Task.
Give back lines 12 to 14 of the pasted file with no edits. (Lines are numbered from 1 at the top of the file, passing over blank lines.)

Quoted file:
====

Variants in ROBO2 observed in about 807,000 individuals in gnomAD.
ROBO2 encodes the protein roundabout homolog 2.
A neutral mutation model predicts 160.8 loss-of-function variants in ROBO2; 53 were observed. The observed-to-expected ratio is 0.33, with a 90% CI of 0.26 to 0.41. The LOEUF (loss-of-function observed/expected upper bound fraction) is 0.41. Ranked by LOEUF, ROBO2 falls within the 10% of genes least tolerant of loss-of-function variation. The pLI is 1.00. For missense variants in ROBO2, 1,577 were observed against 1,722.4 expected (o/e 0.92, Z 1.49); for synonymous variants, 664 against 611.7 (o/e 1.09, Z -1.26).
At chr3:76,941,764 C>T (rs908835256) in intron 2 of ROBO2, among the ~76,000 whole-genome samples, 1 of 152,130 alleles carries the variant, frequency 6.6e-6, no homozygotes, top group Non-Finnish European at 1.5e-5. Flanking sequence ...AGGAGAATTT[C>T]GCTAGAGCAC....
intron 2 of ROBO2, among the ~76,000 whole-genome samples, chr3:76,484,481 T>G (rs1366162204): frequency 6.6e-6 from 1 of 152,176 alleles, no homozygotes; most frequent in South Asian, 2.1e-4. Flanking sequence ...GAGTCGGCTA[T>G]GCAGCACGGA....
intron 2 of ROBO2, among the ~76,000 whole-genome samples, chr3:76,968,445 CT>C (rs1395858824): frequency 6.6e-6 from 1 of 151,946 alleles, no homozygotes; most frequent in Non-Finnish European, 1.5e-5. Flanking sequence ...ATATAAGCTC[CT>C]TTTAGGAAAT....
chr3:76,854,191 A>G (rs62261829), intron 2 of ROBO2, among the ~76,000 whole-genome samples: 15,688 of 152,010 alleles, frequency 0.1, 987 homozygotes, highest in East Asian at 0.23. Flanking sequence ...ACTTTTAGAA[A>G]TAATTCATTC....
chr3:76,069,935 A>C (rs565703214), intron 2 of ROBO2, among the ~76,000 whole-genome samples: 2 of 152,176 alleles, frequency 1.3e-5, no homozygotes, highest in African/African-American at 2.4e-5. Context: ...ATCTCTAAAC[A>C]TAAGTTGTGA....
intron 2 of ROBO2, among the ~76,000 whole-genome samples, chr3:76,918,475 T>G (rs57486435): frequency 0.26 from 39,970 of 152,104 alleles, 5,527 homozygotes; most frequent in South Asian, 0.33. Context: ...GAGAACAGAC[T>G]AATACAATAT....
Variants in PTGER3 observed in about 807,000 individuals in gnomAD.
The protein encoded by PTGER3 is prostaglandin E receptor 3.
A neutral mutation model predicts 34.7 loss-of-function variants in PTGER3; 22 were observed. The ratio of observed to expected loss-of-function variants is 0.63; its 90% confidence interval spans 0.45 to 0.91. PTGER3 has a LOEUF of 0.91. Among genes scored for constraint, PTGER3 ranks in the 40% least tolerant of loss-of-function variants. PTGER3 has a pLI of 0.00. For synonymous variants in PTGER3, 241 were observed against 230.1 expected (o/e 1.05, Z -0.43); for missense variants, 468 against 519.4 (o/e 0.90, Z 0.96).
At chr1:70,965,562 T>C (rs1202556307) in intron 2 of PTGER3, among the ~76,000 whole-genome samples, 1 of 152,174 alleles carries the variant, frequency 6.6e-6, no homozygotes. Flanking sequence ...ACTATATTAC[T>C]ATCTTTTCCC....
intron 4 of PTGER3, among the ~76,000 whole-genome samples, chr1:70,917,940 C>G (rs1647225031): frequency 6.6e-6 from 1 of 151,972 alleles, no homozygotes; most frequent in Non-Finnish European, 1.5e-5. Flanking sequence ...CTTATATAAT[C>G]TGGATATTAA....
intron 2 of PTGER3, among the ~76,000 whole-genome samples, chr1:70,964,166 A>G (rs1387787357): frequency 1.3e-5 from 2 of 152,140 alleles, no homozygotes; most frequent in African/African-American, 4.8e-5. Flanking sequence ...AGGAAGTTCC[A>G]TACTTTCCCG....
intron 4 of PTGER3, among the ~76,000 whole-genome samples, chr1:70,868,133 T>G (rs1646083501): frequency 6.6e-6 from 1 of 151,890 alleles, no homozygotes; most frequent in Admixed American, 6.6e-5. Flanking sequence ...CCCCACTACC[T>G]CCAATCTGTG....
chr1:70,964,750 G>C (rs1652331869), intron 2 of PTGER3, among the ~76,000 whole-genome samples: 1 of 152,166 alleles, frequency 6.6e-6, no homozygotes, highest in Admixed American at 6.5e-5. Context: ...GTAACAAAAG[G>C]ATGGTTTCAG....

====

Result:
A neutral mutation model predicts 34.7 loss-of-function variants in PTGER3; 22 were observed. The ratio of observed to expected loss-of-function variants is 0.63; its 90% confidence interval spans 0.45 to 0.91. PTGER3 has a LOEUF of 0.91. Among genes scored for constraint, PTGER3 ranks in the 40% least tolerant of loss-of-function variants. PTGER3 has a pLI of 0.00. For synonymous variants in PTGER3, 241 were observed against 230.1 expected (o/e 1.05, Z -0.43); for missense variants, 468 against 519.4 (o/e 0.90, Z 0.96).
At chr1:70,965,562 T>C (rs1202556307) in intron 2 of PTGER3, among the ~76,000 whole-genome samples, 1 of 152,174 alleles carries the variant, frequency 6.6e-6, no homozygotes. Flanking sequence ...ACTATATTAC[T>C]ATCTTTTCCC....
intron 4 of PTGER3, among the ~76,000 whole-genome samples, chr1:70,917,940 C>G (rs1647225031): frequency 6.6e-6 from 1 of 151,972 alleles, no homozygotes; most frequent in Non-Finnish European, 1.5e-5. Flanking sequence ...CTTATATAAT[C>G]TGGATATTAA....